ORIGINALLY PUBLISHED IN THE GEORGIA STRAIGHT, MAY 2, 1991
By Steve Newton
A lot of people dream about meeting their favourite musicians, and sometimes those dreams even come true. For this scribbler, that first magic moment came when I ran into Thin Lizzy guitarist Scott Gorham at the Pacific Coliseum back in ’78. After his band had opened for (and blown away) Styx, Gorham was hanging out in front of a concession stand, watching the headliner, and I walked up all slack-jawed and fawning. He offered me his last Marlboro (which I took as a souvenir), led me backstage, handed me a Thin Lizzy mirror badge, and left me to watch the rest of the show from the side of the stage.
I was high for about three days.
Persuaders guitarist Dave Gogo had a similarly unforgettable experience when, at the age of 14, he made a pilgrimage from his Nanaimo home to see Stevie Ray Vaughan play in Victoria.
“That was the first time Stevie came up here,” says Gogo, scrunched up in the corner of a claustrophobic Commodore dressing room, minutes after his band had opened for Colin James. “I was downtown, and just by fluke I bumped into his manager. I didn’t know who he was, though—I just thought he was some guy who rapped with me about Stevie for a minute. But then I went up to the hall, and I was outside listening to them do sound check, and Mark Norman—who works for Perryscope in Vancouver now—came outside and got a kick out of this little kid, ’cause he didn’t figure anyone my age would be into the music. So he went in to see if he could get an autograph, and the manager came out with a backstage pass.
“So I got to meet Stevie, and we went downstairs to the dressing-room. He had an old National guitar that used to belong to Blind Boy Fuller, so we jammed on that for a while. It was just the thrill of a lifetime.”
It wasn’t really surprising that the young Gogo made a big impression on Vaughan, though, when you consider that the kid had been playing guitar from the age of five…and ukulele before that.
“When I was growin’ up my dad had quite a few different kinds of records, everything from Hank Williams to Canned Heat, and also some Taj Mahal and B.B. King. It took me a while to get into B.B., but I really dug the Canned Heat and Taj Mahal. And I just always wanted to play guitar.”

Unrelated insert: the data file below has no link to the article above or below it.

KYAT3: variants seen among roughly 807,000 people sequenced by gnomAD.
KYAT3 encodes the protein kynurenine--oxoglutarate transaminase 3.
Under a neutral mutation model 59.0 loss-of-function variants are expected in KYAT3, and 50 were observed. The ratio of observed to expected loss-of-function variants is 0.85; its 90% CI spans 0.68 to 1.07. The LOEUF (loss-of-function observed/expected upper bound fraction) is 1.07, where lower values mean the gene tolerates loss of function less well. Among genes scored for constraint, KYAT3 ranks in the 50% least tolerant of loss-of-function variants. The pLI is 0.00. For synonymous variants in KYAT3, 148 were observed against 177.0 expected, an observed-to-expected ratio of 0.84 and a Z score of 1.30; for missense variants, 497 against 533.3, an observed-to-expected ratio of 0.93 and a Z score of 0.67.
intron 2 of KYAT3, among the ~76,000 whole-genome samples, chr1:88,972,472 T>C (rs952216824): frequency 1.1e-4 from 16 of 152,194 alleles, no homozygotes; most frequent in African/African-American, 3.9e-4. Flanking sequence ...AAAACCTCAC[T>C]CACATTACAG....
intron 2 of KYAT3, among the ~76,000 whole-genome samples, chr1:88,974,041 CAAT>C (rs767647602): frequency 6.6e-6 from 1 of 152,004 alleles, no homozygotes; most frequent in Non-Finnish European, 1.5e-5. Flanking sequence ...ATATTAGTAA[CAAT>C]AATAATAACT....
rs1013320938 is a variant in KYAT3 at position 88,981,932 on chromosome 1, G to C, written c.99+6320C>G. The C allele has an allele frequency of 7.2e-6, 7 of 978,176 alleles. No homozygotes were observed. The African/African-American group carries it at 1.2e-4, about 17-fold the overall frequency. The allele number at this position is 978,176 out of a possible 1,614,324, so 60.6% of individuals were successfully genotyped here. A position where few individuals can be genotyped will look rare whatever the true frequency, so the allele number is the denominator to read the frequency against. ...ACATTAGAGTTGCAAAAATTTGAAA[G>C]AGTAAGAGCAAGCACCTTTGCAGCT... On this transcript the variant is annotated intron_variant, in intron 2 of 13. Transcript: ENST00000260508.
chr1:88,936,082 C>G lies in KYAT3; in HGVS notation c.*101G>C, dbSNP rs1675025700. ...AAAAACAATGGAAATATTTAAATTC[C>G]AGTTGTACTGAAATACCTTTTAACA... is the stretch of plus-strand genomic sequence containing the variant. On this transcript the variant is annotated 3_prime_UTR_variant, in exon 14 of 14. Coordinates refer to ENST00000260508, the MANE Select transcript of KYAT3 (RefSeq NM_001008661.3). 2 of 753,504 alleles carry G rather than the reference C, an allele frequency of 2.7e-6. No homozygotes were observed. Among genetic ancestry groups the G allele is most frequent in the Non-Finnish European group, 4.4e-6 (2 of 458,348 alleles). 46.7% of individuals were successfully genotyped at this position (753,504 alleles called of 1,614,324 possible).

By the age of 13 Gogo was playing dances, and at 16 he started playing bars, fronting his own band. He formed the Persuaders about three years ago. In recent months the band signed a deal with the Tragically Hip’s management team, and at last report was negotiating a major-label recording contract. These days the priority for Gogo is to get more original material together, so that when the studio doors fly open he and his mates—saxophonist Pierre Komen, bassist Todd Sacerty, and drummer Damien Graham—will be able to tear right in.
“We’ve probably only got a dozen originals that are kinda happening,” says Gogo, “but in the next couple of months that’s really the focus. The writing’s actually coming a lot easier in the last little while because of all the interest in us. It kinda gives you something to work towards, whereas before it was like, ‘Yeah sure, write a song—so what?’ ”
While it will have to be his own material that eventually sets Dave Gogo apart from all the other blues-influenced guitarist/vocalists out there in Rockland, he’s picked up a lot of authentic feel by emulating real blues artists—folks like Magic Sam, Muddy Waters, and Buddy Guy—rather than getting by with the typical bar-room standards.
“At first that was tough,” says Gogo, “because back in Nanaimo a lot of people just wanted to hear the regular Bob Seger/CCR kinda bar stuff, and I didn’t want to do that. I had another band before the Persuaders and it broke up because of the material, but I told these guys when we got together that this is what I want to do, and this is what we’re gonna do.
“We stuck to our guns, and it’s paying off now.”